The Disappearing Cryosphere: Processes, causes and implications.
The LTER Network Decadal Planning process has identified Cryosphere loss as one focus area for development and potential research support over the next few years. With LNO support, we held a Cross-Site Workshop in Woods Hole in April to explore the geophysical, ecological, biogeochemical and socioecological dimensions of declining glacier, permafrost, snow, sea, lake and river ice.
The Earth’s Cryosphere – water in its solid phase including glaciers, sea, lake and river ice, snow and permafrost – harbors 82% of the freshwater on the planet. The Cryosphere cools the planet, regulates the global sea level, insulates soil from subfreezing air temperatures and most importantly, serves as a seasonally-rectified water supply for human consumption, irrigation, nutrient transport and cycling, freshwater resources, and waste disposal. Cryosphere loss imposes enormous threats to these ecosystem services, with potential cost to the world economy in the trillions of USD. A one meter sea level rise, projected over the 21st century, alone represents an estimated economic impact of $1 Trillion.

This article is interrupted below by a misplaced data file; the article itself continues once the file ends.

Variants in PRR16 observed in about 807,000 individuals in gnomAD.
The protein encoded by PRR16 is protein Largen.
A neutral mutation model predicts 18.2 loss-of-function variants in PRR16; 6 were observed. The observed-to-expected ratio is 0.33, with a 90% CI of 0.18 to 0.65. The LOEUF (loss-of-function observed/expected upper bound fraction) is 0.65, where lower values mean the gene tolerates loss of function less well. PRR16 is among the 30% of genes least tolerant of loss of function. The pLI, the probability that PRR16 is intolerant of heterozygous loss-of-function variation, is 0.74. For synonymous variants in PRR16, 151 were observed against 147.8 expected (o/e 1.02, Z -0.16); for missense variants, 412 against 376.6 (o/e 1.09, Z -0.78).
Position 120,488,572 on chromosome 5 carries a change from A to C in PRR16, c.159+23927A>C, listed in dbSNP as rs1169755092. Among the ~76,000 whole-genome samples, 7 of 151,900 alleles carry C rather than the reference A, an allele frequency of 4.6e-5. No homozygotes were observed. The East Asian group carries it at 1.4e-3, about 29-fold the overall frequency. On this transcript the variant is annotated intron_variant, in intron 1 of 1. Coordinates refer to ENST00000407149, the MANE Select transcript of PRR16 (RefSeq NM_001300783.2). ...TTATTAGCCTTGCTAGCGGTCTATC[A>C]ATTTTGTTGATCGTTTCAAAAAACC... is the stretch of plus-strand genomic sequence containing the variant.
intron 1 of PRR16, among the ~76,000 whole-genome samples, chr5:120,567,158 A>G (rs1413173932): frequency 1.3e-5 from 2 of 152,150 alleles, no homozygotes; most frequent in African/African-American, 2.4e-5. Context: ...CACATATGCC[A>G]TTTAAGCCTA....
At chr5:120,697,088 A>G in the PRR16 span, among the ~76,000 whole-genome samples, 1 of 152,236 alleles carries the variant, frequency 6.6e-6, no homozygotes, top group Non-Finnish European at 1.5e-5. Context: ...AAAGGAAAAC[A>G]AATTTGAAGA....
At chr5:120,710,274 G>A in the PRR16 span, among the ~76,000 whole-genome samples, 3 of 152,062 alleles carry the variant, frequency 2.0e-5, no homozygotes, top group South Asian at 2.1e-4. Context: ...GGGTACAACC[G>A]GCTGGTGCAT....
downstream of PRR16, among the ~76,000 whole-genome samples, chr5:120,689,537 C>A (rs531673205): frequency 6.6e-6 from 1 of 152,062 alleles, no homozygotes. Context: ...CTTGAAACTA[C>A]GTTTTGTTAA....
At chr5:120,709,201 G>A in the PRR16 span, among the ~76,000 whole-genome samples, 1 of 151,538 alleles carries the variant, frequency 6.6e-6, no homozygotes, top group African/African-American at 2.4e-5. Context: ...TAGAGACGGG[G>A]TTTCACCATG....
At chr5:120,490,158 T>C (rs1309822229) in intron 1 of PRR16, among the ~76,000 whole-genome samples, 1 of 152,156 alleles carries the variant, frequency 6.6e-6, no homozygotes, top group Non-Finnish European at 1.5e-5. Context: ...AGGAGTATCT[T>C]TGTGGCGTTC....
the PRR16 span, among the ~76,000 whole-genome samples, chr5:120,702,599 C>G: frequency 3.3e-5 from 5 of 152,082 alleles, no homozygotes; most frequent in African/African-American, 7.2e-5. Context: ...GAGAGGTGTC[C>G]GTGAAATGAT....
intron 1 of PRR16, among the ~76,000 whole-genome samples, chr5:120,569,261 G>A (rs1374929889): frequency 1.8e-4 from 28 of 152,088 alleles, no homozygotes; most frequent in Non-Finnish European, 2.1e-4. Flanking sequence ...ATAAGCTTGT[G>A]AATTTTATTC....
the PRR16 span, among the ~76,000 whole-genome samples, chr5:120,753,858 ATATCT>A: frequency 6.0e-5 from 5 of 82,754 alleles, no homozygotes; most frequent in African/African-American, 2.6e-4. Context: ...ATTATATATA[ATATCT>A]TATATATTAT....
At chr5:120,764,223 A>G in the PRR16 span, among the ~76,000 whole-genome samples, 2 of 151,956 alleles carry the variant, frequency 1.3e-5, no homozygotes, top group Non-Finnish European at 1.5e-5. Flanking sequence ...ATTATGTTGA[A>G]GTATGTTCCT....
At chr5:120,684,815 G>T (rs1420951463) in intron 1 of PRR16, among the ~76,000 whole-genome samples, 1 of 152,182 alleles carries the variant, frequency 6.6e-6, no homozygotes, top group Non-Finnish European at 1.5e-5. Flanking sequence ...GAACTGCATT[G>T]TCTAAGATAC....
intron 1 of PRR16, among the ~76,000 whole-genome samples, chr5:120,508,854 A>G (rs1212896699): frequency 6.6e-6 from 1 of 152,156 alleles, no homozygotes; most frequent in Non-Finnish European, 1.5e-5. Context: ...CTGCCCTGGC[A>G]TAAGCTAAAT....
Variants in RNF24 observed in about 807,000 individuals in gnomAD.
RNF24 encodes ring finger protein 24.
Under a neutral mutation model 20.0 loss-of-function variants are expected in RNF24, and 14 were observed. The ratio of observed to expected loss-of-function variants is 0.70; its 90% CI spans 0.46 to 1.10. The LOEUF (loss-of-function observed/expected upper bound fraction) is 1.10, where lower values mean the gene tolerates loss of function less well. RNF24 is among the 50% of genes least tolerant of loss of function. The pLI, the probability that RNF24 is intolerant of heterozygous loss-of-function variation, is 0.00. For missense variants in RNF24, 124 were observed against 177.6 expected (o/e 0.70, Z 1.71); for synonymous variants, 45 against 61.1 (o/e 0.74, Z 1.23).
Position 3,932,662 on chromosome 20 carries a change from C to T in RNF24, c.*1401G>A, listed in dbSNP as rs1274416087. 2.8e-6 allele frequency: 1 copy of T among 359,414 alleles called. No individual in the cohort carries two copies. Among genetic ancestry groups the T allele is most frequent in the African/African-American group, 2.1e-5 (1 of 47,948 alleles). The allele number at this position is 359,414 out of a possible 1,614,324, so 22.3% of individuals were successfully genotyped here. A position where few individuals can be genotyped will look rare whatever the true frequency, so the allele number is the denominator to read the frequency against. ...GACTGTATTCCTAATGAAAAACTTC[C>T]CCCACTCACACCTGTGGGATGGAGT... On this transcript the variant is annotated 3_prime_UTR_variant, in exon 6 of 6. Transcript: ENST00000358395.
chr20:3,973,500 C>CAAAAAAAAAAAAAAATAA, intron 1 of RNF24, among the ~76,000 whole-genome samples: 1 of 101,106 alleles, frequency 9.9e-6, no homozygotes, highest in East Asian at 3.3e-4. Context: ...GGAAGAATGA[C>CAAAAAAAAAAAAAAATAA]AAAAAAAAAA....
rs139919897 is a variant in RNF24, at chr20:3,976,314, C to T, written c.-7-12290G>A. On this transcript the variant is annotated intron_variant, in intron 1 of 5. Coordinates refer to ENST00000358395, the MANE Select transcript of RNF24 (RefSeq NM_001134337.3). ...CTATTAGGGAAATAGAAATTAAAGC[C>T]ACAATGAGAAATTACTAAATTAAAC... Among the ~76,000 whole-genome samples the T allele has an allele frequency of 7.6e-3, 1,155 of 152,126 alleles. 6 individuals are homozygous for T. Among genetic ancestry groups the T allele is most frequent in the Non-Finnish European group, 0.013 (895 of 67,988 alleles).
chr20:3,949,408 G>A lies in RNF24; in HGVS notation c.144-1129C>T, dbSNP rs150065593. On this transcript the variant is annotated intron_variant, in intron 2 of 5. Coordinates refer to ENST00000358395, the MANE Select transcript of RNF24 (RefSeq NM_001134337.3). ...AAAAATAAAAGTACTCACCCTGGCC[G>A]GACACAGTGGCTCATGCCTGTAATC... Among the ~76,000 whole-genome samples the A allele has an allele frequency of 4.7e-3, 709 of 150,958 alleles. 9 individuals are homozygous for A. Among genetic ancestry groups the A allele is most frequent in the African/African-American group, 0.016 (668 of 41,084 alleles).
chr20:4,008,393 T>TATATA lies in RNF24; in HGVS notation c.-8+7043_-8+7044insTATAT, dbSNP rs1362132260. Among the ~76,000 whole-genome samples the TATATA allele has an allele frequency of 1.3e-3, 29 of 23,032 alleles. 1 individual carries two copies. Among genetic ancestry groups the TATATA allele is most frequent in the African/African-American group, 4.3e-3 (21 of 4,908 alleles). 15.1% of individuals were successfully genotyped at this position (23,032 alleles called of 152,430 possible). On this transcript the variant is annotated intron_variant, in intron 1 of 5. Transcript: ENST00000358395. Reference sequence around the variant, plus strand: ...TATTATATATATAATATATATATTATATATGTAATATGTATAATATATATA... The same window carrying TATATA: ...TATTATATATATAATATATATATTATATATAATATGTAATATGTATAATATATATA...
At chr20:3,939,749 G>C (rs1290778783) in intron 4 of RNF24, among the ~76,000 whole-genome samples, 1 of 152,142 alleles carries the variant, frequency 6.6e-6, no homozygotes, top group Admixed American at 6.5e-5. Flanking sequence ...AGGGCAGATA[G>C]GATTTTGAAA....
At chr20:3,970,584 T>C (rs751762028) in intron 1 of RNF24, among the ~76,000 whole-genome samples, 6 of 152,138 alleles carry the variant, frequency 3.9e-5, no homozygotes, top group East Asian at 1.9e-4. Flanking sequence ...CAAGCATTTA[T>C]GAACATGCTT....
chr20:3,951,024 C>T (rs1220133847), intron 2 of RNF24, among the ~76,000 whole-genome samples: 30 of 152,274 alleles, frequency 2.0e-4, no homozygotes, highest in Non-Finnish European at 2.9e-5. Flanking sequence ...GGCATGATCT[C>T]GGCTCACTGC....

The extent and rates of cryosphere loss are increasingly well-monitored and our ability to project future rates of geophysical decline is improving. However the ecological consequences and especially the nature, extent and economic impacts on human society and institutions are still poorly understood. Building on the LTER ISSE framework, we propose an LTER Network-wide effort to investigate the socioecological consequences of cryosphere loss, with a focus on economic assessment of the loss of ecosystem services.
We propose a half-day (2 session) workshop on this topic. The workshop would include contributed presentations and discussion and planning. The main objective for the discussion and planning sessions would be to further elaborate the brief prospectus we started at the Science Council meeting in La Jolla in May (available on request from session chairs).